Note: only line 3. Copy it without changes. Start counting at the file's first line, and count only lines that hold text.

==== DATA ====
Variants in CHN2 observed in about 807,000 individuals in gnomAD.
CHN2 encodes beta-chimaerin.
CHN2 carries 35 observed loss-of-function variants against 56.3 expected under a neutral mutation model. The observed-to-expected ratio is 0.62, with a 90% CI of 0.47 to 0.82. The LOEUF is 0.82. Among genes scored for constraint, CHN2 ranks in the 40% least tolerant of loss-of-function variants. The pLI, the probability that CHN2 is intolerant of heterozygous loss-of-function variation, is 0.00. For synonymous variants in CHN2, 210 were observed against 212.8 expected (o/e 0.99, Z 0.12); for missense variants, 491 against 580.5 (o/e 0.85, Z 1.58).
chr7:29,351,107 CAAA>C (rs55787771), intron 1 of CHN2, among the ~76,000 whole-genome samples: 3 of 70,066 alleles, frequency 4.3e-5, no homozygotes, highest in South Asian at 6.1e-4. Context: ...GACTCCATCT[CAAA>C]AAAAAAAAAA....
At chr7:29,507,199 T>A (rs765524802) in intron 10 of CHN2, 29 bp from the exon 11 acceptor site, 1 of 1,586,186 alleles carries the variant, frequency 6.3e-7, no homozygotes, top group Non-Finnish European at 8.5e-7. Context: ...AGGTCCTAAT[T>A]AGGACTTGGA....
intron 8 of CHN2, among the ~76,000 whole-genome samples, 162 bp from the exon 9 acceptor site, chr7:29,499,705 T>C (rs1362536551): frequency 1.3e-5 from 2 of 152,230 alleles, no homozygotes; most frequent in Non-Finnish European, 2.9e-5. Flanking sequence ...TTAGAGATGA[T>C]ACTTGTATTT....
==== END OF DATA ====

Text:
CHN2 carries 35 observed loss-of-function variants against 56.3 expected under a neutral mutation model. The observed-to-expected ratio is 0.62, with a 90% CI of 0.47 to 0.82. The LOEUF is 0.82. Among genes scored for constraint, CHN2 ranks in the 40% least tolerant of loss-of-function variants. The pLI, the probability that CHN2 is intolerant of heterozygous loss-of-function variation, is 0.00. For synonymous variants in CHN2, 210 were observed against 212.8 expected (o/e 0.99, Z 0.12); for missense variants, 491 against 580.5 (o/e 0.85, Z 1.58).